To you and I, a tramp through your local woods…. Easily enough done, yet easy to forget how wonderful it feels and more so easy perhaps to feel too busy to bother in the first place; so perhaps not that easy…! There is evidence to suggest now though that a “forest bathe” is a great form of therapy, for the mind, body and soul!
While the benefits of regular exercise, especially outside and in nature are known, a growing body of research is evidencing the benefits to mental wellbeing and health from exposure to forest and woodland environments in particular. Known as shinrin-yoki (http://www.shinrin-yoku.org/shinrin-yoku.html), this is a well researched type of therapy developed in Japan in the 1980's and forms the foundation of preventative healthcare and healing in Japanese medicine.
When I'm not massaging my lovely clients I get out in my local woods (https://www.woodlandtrust.org.uk/visiting-woods/wood/10316/elnup-wood/) and having just returned from a decent tramp, I can vouch for all those benefits! It’s simply an assault on all senses in the most positive way.
A true sight for sore eyes, absorbing the lush verdant leaves all around, the brown earthy hues of the soil and tree trunks, the glimmers of glorious blue sky through the canopies of leaf coverage and if you’re lucky enough, the sunbeams filtering through the gaps creating an unearthly, mystical forest magic to the whole scene.
The lovely bird song, rushes of breezes through the trees sounding almost like the sea, the ebb and flow of the tide, the rushing of the waves, the rhythmic swaying of the branches swaying in the wind. All music to the ears tired of traffic, music, radio, that internal infernal voice even…
Smells of the forest enhance the experience - the earthy soil and the catches of scent of some flower or other, as does the feel of the sunlight on your skin, the soft breeze across your face and fresh air moving your hair and blowing away the cobwebs... The enforced deeper breathing means you are almost ingesting the air you take in, using it as nourishment to feed your way – tasting life itself in all its glory!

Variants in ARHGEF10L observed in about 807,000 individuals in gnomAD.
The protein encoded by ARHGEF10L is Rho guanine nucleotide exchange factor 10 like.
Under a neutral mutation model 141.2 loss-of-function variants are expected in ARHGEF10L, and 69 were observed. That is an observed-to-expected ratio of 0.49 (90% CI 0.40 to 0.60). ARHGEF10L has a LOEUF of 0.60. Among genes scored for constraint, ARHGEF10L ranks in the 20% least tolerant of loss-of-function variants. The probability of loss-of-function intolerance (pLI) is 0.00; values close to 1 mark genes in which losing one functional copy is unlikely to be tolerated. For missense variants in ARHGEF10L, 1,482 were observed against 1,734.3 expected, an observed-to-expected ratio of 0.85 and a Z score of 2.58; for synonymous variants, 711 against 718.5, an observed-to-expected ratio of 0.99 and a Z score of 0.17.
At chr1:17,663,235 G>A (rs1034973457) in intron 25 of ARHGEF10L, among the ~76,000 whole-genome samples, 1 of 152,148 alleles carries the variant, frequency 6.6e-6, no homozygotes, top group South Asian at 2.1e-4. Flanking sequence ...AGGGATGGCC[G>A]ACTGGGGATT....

Forest bathing forces you to be present. You have to tend to your step to avoid the tree roots, the unexpected dips of the uneven pathway, to pay attention to your footfall if you want to avoid the nettles. You are scanning your horizon almost sub consciously, plotting your next move and direction. You are half aware of your entire surroundings, checking are you safe, is anyone around.
However, you are also soaking in the pure presence, of being in the moment. It is almost a meditation in motion, if you allow it. If you can let the relentless chatter in your mind switch off for a while and focus on the job in hand, tramping through the woods, you are in a state of pure mindfulness. A far more easy exercise in mediation than the formal version, for me at least. And I like to use these tramps as just that, as a walking meditation.
The body is getting a fine work out, the mind is idling in a semi meditative state and the soul is soaring from taking in the blissful benefits of nature’s bounty all around via all five senses. This reflects the precise state of what is known as ‘flow’ in positive psychology, the ideal state that according to its founder Mihaly Csikszentmihályi, makes our lives more happy, creative and successful. One you might recognise as ‘being in the zone’.
While part of the brain that manages stress can get over stimulated in urban and city environments, natural environments soothe this, producing positive changes such as a lowering of blood pressure and adrenaline in the body resulting in a reduction in physical stress and depression, to name but a few of the many improvements for the body, mind and spirit.
It seems the added bonus to walking through forest and woodland is that certain trees and plants secrete chemicals known as phytoncides which have a known beneficial impact upon humans linked to improved immune defence as they inhale the smells! Notable plants include garlic and pine so get yourself down to Fairy Glen in Parbold (http://www.westlancs.gov.uk/leisure-recreation/parks-and-countryside/parks-and-countryside-sites/fairy-glen-appley-bridge.aspx) for the wild garlic and/or Formby beach forest reserve (https://www.nationaltrust.org.uk/formby) for the pine trees, both in abundance!
So what’s not to like about forest bathing?! It’s free, and if you’re lucky enough, local to you. As if you needed any more reasons to get down to the woods and thrill in the experience of being immersed in nature! You might want to try it some time, and the next time, approach it with a different perspective!